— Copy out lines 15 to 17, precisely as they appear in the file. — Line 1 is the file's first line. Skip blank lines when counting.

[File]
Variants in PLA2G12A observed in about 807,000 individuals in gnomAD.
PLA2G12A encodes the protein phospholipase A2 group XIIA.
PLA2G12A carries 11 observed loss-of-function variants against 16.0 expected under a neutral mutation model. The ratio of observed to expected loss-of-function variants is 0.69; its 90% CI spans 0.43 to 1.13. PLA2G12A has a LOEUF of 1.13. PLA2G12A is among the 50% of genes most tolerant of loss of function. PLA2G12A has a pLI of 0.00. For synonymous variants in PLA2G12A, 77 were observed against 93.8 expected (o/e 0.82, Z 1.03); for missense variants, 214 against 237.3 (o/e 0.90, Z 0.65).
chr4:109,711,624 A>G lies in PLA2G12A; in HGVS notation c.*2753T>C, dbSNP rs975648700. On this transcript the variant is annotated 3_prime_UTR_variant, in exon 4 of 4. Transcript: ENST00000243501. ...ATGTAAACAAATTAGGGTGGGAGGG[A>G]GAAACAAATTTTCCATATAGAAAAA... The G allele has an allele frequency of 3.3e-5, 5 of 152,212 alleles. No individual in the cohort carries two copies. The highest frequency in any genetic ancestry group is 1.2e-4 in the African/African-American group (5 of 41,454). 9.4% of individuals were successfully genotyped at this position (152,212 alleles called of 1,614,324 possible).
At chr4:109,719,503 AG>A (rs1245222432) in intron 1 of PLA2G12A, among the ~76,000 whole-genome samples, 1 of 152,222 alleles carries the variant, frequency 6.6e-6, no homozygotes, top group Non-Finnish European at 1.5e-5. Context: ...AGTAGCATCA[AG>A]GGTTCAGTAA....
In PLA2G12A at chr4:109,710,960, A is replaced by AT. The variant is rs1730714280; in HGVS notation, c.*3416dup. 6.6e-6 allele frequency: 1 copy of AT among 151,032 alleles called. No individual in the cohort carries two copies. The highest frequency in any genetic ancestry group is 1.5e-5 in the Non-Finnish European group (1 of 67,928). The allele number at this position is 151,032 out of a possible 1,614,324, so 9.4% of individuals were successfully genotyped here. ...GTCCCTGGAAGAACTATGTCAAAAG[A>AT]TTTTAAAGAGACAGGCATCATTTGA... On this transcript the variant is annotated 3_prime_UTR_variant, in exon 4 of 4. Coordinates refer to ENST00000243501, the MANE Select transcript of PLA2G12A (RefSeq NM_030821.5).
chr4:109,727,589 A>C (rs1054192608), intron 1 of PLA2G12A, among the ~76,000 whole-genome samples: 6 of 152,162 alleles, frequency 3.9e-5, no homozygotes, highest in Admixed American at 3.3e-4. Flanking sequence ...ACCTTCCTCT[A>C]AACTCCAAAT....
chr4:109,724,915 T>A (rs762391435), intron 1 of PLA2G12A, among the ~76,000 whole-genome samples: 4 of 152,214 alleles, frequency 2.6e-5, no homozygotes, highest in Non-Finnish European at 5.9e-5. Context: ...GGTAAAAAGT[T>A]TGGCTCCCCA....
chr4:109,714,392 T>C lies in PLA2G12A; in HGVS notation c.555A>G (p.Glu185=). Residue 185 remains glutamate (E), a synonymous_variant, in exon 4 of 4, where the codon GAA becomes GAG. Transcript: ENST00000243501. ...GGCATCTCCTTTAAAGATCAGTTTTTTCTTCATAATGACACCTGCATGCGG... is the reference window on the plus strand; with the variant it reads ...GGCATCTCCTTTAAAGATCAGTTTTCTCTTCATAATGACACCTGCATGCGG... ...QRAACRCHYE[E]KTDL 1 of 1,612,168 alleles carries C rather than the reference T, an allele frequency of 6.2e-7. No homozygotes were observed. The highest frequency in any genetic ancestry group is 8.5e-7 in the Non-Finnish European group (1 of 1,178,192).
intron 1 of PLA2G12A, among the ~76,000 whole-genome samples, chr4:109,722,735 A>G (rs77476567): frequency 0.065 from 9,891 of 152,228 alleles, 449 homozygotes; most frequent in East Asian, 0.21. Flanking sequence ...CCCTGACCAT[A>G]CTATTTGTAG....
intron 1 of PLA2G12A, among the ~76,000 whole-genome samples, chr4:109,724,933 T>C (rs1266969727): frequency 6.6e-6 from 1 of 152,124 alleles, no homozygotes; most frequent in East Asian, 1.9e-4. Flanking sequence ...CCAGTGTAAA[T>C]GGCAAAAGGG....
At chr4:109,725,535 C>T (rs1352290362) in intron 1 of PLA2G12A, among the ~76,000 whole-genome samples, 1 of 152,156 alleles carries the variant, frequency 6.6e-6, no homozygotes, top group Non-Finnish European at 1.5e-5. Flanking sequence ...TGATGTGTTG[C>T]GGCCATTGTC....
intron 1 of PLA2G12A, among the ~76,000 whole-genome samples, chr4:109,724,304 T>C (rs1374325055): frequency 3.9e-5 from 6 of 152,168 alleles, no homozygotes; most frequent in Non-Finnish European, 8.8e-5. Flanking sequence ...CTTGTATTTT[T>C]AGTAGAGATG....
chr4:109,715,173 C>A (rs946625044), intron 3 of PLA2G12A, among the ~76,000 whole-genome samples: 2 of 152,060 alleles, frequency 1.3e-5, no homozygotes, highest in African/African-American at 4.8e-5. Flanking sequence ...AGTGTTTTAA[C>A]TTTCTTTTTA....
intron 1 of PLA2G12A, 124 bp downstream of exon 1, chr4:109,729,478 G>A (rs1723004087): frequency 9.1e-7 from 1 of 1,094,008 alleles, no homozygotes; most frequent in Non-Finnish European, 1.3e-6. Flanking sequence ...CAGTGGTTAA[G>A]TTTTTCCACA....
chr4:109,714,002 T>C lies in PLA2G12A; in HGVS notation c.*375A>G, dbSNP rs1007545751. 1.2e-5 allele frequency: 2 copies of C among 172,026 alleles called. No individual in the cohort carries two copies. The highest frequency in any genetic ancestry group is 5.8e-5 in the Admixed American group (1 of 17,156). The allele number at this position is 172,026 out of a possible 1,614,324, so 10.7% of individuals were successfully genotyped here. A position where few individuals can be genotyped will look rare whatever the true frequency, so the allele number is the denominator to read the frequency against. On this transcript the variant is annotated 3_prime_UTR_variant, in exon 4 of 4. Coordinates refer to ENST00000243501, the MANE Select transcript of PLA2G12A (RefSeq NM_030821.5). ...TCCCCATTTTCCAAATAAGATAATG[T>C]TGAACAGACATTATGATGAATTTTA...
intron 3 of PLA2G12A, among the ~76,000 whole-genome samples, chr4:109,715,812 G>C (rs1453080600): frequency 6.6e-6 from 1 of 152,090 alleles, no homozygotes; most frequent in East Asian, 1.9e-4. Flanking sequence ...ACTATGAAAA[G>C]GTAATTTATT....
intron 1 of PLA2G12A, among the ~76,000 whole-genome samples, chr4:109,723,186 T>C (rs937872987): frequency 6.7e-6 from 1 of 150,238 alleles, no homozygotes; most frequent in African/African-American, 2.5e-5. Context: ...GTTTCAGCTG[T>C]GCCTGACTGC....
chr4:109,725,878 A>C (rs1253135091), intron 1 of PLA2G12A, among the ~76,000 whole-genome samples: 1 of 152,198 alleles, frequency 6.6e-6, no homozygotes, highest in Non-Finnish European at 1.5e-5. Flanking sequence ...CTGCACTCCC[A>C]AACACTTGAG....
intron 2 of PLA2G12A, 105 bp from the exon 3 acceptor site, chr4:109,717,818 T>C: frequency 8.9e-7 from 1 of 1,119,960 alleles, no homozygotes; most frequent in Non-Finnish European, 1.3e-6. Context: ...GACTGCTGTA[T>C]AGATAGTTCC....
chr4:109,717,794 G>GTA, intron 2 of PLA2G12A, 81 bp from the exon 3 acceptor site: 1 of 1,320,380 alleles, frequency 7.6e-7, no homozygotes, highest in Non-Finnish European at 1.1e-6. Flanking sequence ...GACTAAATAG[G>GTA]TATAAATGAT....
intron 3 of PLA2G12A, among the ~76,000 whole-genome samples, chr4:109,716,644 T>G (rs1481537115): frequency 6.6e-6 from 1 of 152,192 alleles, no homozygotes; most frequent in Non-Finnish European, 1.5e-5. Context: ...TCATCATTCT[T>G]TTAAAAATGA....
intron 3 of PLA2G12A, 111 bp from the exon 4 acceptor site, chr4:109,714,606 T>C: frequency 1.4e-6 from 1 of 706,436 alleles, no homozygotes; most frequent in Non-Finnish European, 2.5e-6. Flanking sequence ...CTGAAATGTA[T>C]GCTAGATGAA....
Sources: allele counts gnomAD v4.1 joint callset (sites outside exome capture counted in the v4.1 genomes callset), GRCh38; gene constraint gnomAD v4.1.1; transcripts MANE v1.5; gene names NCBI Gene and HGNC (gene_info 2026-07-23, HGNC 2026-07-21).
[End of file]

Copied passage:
intron 1 of PLA2G12A, 124 bp downstream of exon 1, chr4:109,729,478 G>A (rs1723004087): frequency 9.1e-7 from 1 of 1,094,008 alleles, no homozygotes; most frequent in Non-Finnish European, 1.3e-6. Flanking sequence ...CAGTGGTTAA[G>A]TTTTTCCACA....
chr4:109,714,002 T>C lies in PLA2G12A; in HGVS notation c.*375A>G, dbSNP rs1007545751. 1.2e-5 allele frequency: 2 copies of C among 172,026 alleles called. No individual in the cohort carries two copies. The highest frequency in any genetic ancestry group is 5.8e-5 in the Admixed American group (1 of 17,156). The allele number at this position is 172,026 out of a possible 1,614,324, so 10.7% of individuals were successfully genotyped here. A position where few individuals can be genotyped will look rare whatever the true frequency, so the allele number is the denominator to read the frequency against. On this transcript the variant is annotated 3_prime_UTR_variant, in exon 4 of 4. Coordinates refer to ENST00000243501, the MANE Select transcript of PLA2G12A (RefSeq NM_030821.5). ...TCCCCATTTTCCAAATAAGATAATG[T>C]TGAACAGACATTATGATGAATTTTA...
intron 3 of PLA2G12A, among the ~76,000 whole-genome samples, chr4:109,715,812 G>C (rs1453080600): frequency 6.6e-6 from 1 of 152,090 alleles, no homozygotes; most frequent in East Asian, 1.9e-4. Flanking sequence ...ACTATGAAAA[G>C]GTAATTTATT....